Saturday, September 22, 2012

Kevin Drum Link Bait

Yesterday Kevin Drum asked whether congressional generic ballot overstate the Democrats performance on average (he had the sense that they do by about 4 or 5%).  I did some arithmetic in a comment.  It seems he didn't read the comment and did some math of his own and quoted some from Sam Wang.  There is pretty general agreement that this used to be true, but ceased roughly in the past two elections.

Having averaged a total of about 12 numbers by the sweat of my brow I post my calculations here hoping for more attention (I deleted some mild churlishness).

The evidence is available on the web.
For comparison Real Clear Politics current generic  is Democrats lead by  2.2 %

Real Clear Politics 2010 outcome R + 6.8
Last RCP average (late October)     R+ 9.4 difference  R -2.6 
Polls including Sept 21 2010 (narrow window as I am doing it in my head and lazy) R+5
difference R+1.8
(latest RCP corrected with past RCP forecast  error 2.2 - 1.8  = 0.4 so fits your conclusion that Democrats not really ahead).

Just eyeballing  Sept 2010 seems to average to a strong Republican lead.

2008 Final D + 10.7 Last RCP average D + 9 Difference R  -1.7 
polls with samples including Sept 21 2008 D+  9.8 Difference R -0.9 
2006 actual outcome D + 7.9
RCP last average        D +  11.5 difference R + 3.6 
ohhhhh that's it.  The rule worked for last polls in 2006 

There no congressional generic ballot polls included Sept 21 2006, but 4 closest average to D + 11. Again fits Kevin Drums vague recollection.  None of the 2006 polls I averaged from Rasmussen.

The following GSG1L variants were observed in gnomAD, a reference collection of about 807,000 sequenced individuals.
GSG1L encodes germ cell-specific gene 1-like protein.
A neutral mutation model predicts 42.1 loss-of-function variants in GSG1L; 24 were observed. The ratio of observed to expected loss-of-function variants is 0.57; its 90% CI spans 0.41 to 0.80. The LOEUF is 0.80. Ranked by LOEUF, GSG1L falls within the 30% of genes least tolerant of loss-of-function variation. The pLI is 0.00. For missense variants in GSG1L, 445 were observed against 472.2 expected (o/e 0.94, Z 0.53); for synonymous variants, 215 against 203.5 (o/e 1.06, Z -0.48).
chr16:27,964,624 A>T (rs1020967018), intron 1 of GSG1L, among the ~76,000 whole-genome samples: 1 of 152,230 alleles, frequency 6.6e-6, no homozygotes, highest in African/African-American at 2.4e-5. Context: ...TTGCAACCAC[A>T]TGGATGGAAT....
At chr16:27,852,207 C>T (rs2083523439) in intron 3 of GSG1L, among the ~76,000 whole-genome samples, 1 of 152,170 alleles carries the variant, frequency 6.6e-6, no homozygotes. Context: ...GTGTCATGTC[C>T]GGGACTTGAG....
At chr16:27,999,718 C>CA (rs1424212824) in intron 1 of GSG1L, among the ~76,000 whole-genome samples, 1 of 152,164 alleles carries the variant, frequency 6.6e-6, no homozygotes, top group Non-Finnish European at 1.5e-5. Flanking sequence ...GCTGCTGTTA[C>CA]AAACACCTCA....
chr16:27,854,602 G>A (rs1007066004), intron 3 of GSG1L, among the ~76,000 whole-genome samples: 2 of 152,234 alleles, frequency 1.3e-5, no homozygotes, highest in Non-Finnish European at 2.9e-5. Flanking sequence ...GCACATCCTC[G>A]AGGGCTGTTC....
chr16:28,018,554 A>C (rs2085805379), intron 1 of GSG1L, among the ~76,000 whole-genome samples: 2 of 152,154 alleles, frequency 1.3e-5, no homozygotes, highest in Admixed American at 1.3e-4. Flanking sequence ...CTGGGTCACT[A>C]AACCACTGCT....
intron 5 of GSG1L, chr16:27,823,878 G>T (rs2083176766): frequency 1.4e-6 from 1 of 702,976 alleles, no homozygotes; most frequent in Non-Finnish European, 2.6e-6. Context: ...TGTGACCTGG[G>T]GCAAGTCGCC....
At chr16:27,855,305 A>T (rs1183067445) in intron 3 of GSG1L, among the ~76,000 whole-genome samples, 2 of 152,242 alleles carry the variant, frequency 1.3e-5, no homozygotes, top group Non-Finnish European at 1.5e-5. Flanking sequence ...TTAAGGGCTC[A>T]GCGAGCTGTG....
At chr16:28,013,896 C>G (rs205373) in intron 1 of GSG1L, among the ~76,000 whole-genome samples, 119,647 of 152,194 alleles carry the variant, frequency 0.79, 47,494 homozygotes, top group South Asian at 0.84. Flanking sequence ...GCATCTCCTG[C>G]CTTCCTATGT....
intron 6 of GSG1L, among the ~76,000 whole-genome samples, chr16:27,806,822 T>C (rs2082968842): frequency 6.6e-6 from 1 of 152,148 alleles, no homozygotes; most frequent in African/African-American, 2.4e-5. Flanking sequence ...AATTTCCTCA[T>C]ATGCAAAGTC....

2004 actual result R + 2.6 final RCP average (late October) tied.  

update: RCP average of just 3 polls with 9/21/04 in their sample D + 0.33 so difference R + 2.9 
The reason I went to the huge effort of averaging 3 numbers is that maybe things are different in presidential years and mid terms.  Hmmm average for last two presidential years is R + 1.
2002 result R 4.6 last RCP average R 1.7
I'm too lazy to do hand averaging for September 2002 and 2004.It seems Kevin Drum's rule of thumb used to work, but didn't work so well in the past two elections.  My guess is that this is due to Rasmussen singlepollsterly cancelling the bias in the average of other polls (they had a  - 3.8% bias in 2010 and published Lotsssss of polls).my average of average forecast errors of polls taken around Sept 21 is R + 1.2 % (but obviously it would be better to average more polls its just arithmetic is boring).
(here R+1.2% is outcome minus poll. 

update comment:  More generally it could be the cell phone only household issue.  Many pollsters, including Rasmussen, are automated robopollsters (phone rings and you are talking to a computer). They can't call cell phones (by law).   This has added a bias which seems to have roughly cancelled the old bias.  In update above I averaged three numbers related to 2004.  The idea is that forecasting who will actually vote is very different for presidential years and midterms.

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